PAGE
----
Where in Minnesota do drivers most often hit deer?

It’s not on the northern forest roads, or on a long, winding curve where it’s hard to see. It’s not in the grasslands or on the narrow state highways that roll past farms and thick cornfields. The most likely place for a deer to suddenly jump in front of a car and cause an accident in Minnesota is just outside Minneapolis, on one of the busiest roads in the state — Interstate 94 between Maple Grove and St. Cloud.

“If you get just outside of the real urban area and into the suburbs of the Twin Cities, you’ll see a combination of high deer concentrations and a lot of traffic,” said Ron Moen, a biologist with the Natural Resources Research Institute in Duluth.

Scientists from the institute and the University of Minnesota are wrapping up a project to map exactly where drivers in the state are most likely to hit a deer. The map, which has not yet been published, will be publicly available by late summer. The hope is that the data will help highway engineers find the most dangerous stretches and prioritize where to put wildlife fences or other protections, Moen said.

The study found that about two-thirds of deer-vehicle collisions in Minnesota each year occur just outside the Twin Cities, particularly in the suburbs leading to St. Cloud.

That’s because there appear to be three main factors in deer collisions, Moen said: the speed of the vehicle, the number of cars on the road and the number of deer in the area.

Add to that the speeds on the highway and it becomes clear that it can be difficult for suburban drivers to avoid deer.

Moen said he and other researchers began the study with the idea that visibility would play a much larger role in the crashes than the data ultimately showed. Large, winding roads in wooded areas had fewer deer collisions than expected.

“That’s probably partly because people pay more attention to the bend and drive a little slower,” he says.

The study was funded by the state’s environmental fund and is part of an initiative to make roads safer for both drivers and wildlife.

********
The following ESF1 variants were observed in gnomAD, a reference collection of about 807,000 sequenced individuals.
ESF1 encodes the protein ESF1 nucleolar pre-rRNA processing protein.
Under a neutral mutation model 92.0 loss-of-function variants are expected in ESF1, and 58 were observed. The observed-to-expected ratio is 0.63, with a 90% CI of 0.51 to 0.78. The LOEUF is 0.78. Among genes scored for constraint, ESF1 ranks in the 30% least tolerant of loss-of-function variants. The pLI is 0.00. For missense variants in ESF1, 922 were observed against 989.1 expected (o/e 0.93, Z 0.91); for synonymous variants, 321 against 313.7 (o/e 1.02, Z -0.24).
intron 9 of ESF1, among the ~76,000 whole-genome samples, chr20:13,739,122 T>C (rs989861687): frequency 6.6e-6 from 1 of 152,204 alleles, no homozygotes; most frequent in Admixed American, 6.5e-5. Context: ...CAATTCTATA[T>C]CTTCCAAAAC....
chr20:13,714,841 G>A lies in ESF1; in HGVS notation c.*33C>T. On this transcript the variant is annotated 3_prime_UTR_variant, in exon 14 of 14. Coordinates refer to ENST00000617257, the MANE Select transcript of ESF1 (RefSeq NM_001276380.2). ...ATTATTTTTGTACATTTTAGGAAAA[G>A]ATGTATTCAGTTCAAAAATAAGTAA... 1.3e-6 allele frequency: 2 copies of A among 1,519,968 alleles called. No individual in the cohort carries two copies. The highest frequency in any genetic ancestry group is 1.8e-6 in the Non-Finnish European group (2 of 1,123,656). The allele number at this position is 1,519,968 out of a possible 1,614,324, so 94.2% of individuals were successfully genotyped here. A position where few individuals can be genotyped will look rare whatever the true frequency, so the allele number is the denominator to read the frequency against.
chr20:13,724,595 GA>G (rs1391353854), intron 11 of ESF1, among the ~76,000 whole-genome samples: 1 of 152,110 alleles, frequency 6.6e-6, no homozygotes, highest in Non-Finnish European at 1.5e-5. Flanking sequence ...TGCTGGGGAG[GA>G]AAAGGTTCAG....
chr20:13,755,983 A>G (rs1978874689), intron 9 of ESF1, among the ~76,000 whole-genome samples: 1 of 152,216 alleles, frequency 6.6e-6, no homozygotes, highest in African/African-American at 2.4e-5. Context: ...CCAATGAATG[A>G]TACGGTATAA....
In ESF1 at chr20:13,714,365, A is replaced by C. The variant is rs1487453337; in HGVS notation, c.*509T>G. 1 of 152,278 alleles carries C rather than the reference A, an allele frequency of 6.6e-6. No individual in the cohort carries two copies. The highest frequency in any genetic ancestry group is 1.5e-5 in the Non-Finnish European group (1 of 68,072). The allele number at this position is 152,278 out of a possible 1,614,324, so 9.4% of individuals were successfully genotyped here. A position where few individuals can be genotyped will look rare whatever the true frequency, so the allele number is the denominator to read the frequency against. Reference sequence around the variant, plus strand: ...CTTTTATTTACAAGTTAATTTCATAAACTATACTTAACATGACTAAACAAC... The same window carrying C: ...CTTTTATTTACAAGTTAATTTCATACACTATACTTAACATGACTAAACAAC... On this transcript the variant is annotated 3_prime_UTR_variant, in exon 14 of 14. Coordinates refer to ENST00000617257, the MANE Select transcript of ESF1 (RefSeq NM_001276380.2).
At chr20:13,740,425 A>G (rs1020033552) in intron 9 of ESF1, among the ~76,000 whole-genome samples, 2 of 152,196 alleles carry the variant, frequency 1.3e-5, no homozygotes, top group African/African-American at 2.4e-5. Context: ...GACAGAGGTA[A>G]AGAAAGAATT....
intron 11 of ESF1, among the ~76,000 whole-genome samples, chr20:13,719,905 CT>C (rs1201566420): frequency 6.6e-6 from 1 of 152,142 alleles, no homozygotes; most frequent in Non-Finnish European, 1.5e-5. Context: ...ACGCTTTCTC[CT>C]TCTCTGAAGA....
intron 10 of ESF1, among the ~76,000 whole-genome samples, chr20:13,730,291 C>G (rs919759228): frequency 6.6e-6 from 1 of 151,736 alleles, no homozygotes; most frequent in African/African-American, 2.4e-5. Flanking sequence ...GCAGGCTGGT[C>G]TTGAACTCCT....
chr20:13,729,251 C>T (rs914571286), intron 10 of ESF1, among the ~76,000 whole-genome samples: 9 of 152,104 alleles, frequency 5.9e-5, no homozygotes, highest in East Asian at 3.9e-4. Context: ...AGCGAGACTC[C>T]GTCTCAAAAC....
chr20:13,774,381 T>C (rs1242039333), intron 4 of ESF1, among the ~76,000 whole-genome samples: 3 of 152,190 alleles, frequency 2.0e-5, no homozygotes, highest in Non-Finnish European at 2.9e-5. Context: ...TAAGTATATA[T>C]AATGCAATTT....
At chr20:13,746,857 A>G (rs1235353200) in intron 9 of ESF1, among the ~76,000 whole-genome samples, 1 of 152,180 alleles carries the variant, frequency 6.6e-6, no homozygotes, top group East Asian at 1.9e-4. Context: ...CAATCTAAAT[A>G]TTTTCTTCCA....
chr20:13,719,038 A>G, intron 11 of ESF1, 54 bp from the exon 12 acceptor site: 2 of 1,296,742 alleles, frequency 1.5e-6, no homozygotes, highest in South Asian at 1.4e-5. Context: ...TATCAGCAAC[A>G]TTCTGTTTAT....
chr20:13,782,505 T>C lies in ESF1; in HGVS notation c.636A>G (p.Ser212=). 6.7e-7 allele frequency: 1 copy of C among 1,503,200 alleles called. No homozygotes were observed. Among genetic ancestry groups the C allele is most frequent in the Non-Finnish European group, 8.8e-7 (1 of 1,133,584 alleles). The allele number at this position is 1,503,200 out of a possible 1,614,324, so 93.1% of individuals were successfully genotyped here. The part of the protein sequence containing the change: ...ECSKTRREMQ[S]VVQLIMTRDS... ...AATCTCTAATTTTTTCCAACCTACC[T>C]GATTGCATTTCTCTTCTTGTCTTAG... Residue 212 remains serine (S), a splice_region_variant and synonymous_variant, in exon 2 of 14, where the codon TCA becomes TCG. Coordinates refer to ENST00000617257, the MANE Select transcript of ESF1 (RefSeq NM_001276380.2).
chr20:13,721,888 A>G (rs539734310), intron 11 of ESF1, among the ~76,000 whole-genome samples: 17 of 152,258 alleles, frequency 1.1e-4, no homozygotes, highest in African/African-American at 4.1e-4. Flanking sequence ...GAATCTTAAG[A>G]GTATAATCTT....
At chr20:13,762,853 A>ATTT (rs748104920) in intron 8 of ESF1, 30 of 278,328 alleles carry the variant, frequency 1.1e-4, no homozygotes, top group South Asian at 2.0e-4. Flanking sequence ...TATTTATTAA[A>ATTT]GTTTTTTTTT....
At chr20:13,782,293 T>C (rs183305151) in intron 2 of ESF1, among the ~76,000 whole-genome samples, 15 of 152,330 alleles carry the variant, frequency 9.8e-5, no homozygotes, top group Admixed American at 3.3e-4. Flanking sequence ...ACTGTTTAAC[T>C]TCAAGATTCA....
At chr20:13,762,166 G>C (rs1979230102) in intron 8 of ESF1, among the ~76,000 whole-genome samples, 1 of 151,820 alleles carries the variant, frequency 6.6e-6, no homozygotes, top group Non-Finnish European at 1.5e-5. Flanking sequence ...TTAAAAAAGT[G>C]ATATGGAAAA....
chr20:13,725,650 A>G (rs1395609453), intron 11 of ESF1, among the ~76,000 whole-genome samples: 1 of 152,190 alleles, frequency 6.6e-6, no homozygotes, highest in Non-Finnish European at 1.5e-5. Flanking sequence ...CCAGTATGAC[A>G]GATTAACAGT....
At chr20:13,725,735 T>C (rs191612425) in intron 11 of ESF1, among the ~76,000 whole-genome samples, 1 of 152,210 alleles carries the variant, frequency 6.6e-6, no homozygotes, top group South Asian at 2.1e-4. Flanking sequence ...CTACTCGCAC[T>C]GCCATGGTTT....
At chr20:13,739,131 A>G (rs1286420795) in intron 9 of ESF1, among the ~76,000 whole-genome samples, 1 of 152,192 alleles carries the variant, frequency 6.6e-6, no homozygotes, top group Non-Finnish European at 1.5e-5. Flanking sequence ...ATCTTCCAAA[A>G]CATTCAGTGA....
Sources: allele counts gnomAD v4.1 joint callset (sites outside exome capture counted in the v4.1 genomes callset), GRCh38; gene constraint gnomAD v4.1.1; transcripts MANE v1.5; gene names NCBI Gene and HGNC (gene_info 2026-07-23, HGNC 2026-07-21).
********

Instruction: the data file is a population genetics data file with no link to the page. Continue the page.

The Minnesota Department of Transportation recently found that simple chain-link fencing at the spawning grounds of endangered turtles significantly reduces the number of animals killed by cars in the spring. For larger animals such as deer, elk and moose, western states have had success building wildlife bridges across busy highways.

How many deer are affected each year?

It’s difficult to calculate how many deer hit drivers in Minnesota each year.

According to the Minnesota Department of Public Safety, about 1,200 deer crashes are reported to police each year, resulting in multiple deaths, dozens of hospitalizations and about $20 million in property damage. But those are only the worst cases, which usually involve motorcycles, serious injuries, or totaled or badly damaged cars.

According to Moen, the vast majority of collisions with deer, more than 90%, are not reported to the police.

State Farm Insurance estimates that Minnesotans kill about 35,000 deer each year, causing several hundred million dollars in property damage. But the company’s formula for arriving at that number is not public.

As part of the new map study, Moen spent months patrolling the side of the road counting deer carcasses to determine which source of numbers was closest to the truth.

“We haven’t made a new statewide estimate, but the State Farm estimate is closer to the right one,” he said. “That 35,000 or 36,000 number is the right order of magnitude.”

Moen says the best solutions in Minnesota will likely be a combination of fences and driver vigilance.

He said wildlife crossings appear to work better in states where large animals move along predictable migration routes through the hills and mountains.

“In the West, those deer and other ungulates are already being directed into certain areas,” he said. “Our deer are everywhere, and they’re crossing roads everywhere.”

But by driving a little slower, especially on suburban freeways, and putting up some significant fencing, you can prevent a deer from walking right up your bumper, he said.

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